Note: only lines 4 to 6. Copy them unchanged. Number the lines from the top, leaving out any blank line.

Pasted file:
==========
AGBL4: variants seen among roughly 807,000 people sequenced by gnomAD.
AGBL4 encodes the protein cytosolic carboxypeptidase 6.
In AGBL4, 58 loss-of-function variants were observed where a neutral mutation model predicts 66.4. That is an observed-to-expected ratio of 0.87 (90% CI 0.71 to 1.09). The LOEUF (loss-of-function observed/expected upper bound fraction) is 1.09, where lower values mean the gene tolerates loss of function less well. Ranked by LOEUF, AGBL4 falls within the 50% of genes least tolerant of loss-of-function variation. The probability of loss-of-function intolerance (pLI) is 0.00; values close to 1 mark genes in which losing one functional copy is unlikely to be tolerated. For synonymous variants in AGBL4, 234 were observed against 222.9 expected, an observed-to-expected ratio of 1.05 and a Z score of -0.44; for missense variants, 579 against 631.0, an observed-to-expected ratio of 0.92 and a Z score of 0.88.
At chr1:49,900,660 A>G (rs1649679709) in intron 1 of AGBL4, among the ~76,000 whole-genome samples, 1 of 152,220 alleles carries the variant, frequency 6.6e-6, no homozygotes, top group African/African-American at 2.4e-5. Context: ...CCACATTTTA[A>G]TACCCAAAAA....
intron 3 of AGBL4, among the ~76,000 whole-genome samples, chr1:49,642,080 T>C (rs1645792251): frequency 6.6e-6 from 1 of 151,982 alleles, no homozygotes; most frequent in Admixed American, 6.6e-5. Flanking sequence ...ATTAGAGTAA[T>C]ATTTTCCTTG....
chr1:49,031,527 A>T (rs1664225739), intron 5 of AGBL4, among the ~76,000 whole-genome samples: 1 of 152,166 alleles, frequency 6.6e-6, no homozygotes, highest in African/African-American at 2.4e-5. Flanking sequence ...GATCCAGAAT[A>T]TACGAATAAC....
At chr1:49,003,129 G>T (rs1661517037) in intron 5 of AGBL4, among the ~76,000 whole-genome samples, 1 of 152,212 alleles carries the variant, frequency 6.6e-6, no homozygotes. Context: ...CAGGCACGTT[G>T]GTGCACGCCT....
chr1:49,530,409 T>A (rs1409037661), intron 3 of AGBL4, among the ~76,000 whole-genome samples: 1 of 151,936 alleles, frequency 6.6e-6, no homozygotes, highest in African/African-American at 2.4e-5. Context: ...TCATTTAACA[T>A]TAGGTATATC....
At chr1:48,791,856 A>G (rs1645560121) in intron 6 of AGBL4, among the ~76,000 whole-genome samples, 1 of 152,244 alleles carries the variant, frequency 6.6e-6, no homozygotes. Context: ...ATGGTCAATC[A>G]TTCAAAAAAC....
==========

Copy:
At chr1:49,900,660 A>G (rs1649679709) in intron 1 of AGBL4, among the ~76,000 whole-genome samples, 1 of 152,220 alleles carries the variant, frequency 6.6e-6, no homozygotes, top group African/African-American at 2.4e-5. Context: ...CCACATTTTA[A>G]TACCCAAAAA....
intron 3 of AGBL4, among the ~76,000 whole-genome samples, chr1:49,642,080 T>C (rs1645792251): frequency 6.6e-6 from 1 of 151,982 alleles, no homozygotes; most frequent in Admixed American, 6.6e-5. Flanking sequence ...ATTAGAGTAA[T>C]ATTTTCCTTG....
chr1:49,031,527 A>T (rs1664225739), intron 5 of AGBL4, among the ~76,000 whole-genome samples: 1 of 152,166 alleles, frequency 6.6e-6, no homozygotes, highest in African/African-American at 2.4e-5. Flanking sequence ...GATCCAGAAT[A>T]TACGAATAAC....